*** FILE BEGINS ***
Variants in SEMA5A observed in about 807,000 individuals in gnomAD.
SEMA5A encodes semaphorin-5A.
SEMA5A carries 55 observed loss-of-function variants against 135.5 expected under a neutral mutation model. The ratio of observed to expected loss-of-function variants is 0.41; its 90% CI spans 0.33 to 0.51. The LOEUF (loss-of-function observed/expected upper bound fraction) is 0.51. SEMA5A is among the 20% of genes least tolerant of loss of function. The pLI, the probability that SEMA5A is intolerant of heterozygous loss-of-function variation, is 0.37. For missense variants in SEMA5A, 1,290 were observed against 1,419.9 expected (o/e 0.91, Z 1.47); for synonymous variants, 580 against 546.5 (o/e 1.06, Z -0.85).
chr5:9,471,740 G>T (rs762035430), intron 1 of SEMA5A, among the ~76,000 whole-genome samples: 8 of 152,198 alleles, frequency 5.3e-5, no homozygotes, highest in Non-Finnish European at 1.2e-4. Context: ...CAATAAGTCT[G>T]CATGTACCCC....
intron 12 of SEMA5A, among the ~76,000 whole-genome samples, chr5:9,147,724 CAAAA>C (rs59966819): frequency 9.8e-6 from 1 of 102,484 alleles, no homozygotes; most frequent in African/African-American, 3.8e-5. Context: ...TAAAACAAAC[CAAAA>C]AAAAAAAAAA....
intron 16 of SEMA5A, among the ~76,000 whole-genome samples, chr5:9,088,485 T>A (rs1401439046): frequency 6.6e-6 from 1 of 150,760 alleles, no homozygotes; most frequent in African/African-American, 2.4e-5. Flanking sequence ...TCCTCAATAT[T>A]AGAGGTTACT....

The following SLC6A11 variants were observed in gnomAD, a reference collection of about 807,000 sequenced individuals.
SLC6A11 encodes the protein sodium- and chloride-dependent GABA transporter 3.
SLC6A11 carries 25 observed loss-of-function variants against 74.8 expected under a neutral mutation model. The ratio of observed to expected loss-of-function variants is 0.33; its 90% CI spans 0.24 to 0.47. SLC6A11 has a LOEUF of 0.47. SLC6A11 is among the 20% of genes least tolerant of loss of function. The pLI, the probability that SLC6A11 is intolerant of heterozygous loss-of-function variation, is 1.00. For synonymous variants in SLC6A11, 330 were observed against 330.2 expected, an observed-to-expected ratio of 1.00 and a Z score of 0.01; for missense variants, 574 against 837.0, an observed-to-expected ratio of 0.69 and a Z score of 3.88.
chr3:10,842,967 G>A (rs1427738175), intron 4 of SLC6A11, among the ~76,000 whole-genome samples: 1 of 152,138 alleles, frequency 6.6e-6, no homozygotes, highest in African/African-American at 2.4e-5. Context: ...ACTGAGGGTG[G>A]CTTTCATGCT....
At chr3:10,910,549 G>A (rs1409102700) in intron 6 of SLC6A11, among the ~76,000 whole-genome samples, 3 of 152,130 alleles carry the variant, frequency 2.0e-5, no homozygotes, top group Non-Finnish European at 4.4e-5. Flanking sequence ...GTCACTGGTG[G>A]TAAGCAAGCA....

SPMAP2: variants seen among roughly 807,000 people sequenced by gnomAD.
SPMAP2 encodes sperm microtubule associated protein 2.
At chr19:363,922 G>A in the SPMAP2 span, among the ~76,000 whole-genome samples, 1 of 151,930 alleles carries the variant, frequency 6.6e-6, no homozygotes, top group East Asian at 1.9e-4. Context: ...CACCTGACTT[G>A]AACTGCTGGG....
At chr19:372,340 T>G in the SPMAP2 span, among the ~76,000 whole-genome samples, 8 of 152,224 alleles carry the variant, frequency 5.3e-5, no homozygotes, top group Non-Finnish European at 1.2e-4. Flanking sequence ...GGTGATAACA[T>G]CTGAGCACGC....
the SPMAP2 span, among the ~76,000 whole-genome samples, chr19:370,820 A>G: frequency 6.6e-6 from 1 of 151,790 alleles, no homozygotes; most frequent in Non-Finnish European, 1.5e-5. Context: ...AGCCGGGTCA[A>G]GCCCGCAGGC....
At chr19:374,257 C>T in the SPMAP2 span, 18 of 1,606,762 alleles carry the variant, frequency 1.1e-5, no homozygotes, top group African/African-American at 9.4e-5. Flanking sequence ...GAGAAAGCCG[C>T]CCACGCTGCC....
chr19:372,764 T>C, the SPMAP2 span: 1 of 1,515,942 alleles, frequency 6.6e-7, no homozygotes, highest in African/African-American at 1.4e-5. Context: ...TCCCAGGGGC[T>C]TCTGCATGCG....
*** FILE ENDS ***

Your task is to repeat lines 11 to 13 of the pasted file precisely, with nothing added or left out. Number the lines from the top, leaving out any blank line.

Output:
At chr3:10,910,549 G>A (rs1409102700) in intron 6 of SLC6A11, among the ~76,000 whole-genome samples, 3 of 152,130 alleles carry the variant, frequency 2.0e-5, no homozygotes, top group Non-Finnish European at 4.4e-5. Flanking sequence ...GTCACTGGTG[G>A]TAAGCAAGCA....

SPMAP2: variants seen among roughly 807,000 people sequenced by gnomAD.
SPMAP2 encodes sperm microtubule associated protein 2.